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A specific X-linked recessive allele is lethal. Males that inherit the recessive allele and females that are homozygous recessive will abort before birth. What is the probability that a heterozygous mother will give birth to a child with only one copy of the recessive allele?

How would you do this question? I know what bootcamp's answer is (and their explanation) but I never really did punnet squares with XY alleles for some reason. Is this a typical thing to do?


My way of thinking was simply that you have 1/2 probability of getting a girl and then another 1/2 probability of her inheriting the recessive allele from her mother. The boy doesn't matter because he is either aborted or doesn't have the recessive allele. I know there's something wrong with my thinking here but what is it?


Another iffy-ish one is this: A scientist thinks she has discovered a new species of beetle. Which of the following would help determine if the beetle is a new species or not?

Answer was attempting to breed it with other known species -- but I put sequencing DNA. My logic was that breeding doesn't always work (lions+tiger, plants, asexuality), but DNA sequencing does. For example, I learned in uni that for nematode diversity DNA sequencing is the way that the vast majority of nematodes were identified.
 
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A specific X-linked recessive allele is lethal. Males that inherit the recessive allele and females that are homozygous recessive will abort before birth. What is the probability that a heterozygous mother will give birth to a child with only one copy of the recessive allele?

How would you do this question? I know what bootcamp's answer is (and their explanation) but I never really did punnet squares with XY alleles for some reason. Is this a typical thing to do?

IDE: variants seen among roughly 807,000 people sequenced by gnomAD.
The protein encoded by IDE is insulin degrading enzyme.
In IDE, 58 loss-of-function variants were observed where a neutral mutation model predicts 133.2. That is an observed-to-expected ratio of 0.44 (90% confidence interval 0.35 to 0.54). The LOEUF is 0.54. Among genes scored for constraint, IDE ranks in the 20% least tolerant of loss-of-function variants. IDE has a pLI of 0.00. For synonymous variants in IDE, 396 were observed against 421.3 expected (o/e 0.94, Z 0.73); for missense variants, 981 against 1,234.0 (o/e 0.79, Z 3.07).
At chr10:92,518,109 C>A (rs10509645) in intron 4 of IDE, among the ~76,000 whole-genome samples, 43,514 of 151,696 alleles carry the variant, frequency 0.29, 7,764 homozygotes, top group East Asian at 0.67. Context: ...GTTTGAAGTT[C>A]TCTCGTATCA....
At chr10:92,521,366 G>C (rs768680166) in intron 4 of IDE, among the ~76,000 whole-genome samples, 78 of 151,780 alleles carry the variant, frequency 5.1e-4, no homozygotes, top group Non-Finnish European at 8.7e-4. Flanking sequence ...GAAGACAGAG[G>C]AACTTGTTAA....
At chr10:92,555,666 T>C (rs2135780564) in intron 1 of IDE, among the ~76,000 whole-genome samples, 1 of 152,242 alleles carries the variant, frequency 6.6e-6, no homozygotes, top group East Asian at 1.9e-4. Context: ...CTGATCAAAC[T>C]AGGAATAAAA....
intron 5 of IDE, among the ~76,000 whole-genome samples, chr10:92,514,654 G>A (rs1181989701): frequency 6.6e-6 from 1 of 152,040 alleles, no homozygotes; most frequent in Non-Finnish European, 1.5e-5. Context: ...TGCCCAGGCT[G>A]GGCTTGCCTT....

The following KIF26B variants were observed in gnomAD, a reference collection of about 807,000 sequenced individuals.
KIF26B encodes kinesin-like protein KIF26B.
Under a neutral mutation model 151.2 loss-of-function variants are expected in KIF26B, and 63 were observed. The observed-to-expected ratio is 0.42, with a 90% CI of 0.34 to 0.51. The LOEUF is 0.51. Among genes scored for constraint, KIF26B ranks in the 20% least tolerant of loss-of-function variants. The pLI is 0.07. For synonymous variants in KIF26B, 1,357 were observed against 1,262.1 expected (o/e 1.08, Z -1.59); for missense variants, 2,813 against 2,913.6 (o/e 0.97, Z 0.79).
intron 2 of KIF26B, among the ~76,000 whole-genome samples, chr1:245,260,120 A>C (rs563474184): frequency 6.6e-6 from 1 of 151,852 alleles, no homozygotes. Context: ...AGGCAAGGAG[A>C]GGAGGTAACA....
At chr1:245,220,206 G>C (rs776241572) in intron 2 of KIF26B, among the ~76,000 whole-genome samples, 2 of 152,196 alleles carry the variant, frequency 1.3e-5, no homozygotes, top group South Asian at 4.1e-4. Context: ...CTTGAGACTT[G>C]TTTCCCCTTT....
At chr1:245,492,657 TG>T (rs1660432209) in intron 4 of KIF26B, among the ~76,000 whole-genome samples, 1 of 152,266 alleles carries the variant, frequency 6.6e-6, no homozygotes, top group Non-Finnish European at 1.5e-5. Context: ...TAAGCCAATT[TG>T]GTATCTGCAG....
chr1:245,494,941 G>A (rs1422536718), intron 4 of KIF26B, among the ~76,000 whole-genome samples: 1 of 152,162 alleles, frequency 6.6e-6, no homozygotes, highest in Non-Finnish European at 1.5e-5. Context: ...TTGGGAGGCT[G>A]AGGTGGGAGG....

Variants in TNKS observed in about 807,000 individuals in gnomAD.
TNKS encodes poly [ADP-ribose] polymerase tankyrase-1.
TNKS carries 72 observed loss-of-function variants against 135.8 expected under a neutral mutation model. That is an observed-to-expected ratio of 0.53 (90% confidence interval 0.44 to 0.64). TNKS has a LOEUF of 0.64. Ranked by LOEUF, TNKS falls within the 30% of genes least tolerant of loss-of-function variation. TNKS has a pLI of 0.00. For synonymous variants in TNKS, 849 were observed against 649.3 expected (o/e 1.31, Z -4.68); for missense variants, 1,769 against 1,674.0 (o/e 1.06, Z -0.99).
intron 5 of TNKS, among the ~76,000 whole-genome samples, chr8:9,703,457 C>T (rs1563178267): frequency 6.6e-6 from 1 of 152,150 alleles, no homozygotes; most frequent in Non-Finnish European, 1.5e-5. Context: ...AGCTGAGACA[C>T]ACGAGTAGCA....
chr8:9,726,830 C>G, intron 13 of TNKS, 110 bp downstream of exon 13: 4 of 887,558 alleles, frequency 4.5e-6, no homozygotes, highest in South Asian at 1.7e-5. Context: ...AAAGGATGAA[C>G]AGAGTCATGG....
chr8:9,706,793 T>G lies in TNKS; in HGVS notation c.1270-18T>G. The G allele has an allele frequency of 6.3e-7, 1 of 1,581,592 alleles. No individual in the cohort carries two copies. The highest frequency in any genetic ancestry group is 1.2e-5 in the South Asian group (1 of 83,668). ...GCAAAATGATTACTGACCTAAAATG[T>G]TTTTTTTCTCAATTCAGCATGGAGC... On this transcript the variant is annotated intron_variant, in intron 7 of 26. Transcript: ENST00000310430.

Males who have the X-linked allele will abort before birth; therefore, we can be certain that the father would lack the X-linked allele. Moreover, the question asks what is the probability that the mother will give birth to a child with the X-linked allele. Only females can be born with the X-linked allele, therefore the question mandates that the child need be a girl. Therefore, of the four theoretical genotypes that result from the punnet square, we can eliminate the choice of a boy who inherits the lethal allele; he will be aborted before birth.

This leaves us with three possible children that can be born; a male who lacks the recessive allele, and a pair of girls, one of whom will have the lethal allele. Therefore, the answer is 1/3rd, or approximately 33.34%.

My way of thinking was simply that you have 1/2 probability of getting a girl and then another 1/2 probability of her inheriting the recessive allele from her mother. The boy doesn't matter because he is either aborted or doesn't have the recessive allele. I know there's something wrong with my thinking here but what is it?
Your error is that you're operating under the assumption that there is a 50% probability that the child born will be a girl; any boy who inherits the lethal allele will be aborted. Therefore, 2/3rd, or approximately 66.67% chance that a child that is BORN will be a girl.

Please note that the probability of a zygote inheriting a pair of X alleles is different from the probability of a child actually being born with such a genotype.

Another iffy-ish one is this: A scientist thinks she has discovered a new species of beetle. Which of the following would help determine if the beetle is a new species or not?

Answer was attempting to breed it with other known species -- but I put sequencing DNA. My logic was that breeding doesn't always work (lions+tiger, plants, asexuality), but DNA sequencing does. For example, I learned in uni that for nematode diversity DNA sequencing is the way that the vast majority of nematodes were identified.
This is based around the biological species concept, which is the most straight-forward method of determining whether a type of organisms belong to different species. Simply put, if the beetles cannot sexually reproduce, then they must belong to different species. However, being able to reproduce does not mandate that do belong to the same species.

Determining phylogenetic diversity can be greatly facilitated by sequencing DNA, and is particularly valuable when one is working with organisms that reproduce asexually; e.g., binary fission in prokarytoic life. There may indeed be some leeway in this question, but if you're dealing with chordate vertebrates you can take it for granted that the biological species concept is likely the correct answer.
 
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